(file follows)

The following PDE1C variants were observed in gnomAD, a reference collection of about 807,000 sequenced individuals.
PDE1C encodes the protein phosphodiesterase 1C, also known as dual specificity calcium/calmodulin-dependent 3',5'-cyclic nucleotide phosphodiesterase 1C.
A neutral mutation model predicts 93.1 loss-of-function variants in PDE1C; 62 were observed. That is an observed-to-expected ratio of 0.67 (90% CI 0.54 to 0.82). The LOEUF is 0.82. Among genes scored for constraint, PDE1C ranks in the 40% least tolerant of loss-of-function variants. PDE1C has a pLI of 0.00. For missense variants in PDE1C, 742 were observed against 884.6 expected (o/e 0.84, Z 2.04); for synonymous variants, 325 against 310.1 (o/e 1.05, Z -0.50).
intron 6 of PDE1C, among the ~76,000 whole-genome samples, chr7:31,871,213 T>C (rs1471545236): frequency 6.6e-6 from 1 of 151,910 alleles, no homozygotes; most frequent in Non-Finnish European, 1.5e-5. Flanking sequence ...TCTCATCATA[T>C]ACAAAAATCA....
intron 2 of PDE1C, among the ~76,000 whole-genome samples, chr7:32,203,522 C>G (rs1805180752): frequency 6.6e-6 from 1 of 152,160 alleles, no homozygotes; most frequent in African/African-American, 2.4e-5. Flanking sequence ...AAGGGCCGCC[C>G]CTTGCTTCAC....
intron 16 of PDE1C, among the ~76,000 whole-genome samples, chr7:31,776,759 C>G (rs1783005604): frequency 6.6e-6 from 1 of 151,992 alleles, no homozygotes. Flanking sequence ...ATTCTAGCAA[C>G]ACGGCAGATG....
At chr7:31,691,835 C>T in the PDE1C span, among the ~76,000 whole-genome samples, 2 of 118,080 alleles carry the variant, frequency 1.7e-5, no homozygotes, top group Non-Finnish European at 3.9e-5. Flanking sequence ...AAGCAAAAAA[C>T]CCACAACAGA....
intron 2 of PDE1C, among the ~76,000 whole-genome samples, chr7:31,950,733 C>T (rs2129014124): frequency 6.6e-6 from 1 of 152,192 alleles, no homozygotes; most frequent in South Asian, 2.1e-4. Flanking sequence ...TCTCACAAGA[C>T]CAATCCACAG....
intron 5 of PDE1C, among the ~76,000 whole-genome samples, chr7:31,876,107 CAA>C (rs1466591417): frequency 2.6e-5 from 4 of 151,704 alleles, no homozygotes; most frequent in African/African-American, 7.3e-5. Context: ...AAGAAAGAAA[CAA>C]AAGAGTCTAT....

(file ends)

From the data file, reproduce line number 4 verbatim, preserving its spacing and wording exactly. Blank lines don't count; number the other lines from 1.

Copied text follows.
intron 6 of PDE1C, among the ~76,000 whole-genome samples, chr7:31,871,213 T>C (rs1471545236): frequency 6.6e-6 from 1 of 151,910 alleles, no homozygotes; most frequent in Non-Finnish European, 1.5e-5. Flanking sequence ...TCTCATCATA[T>C]ACAAAAATCA....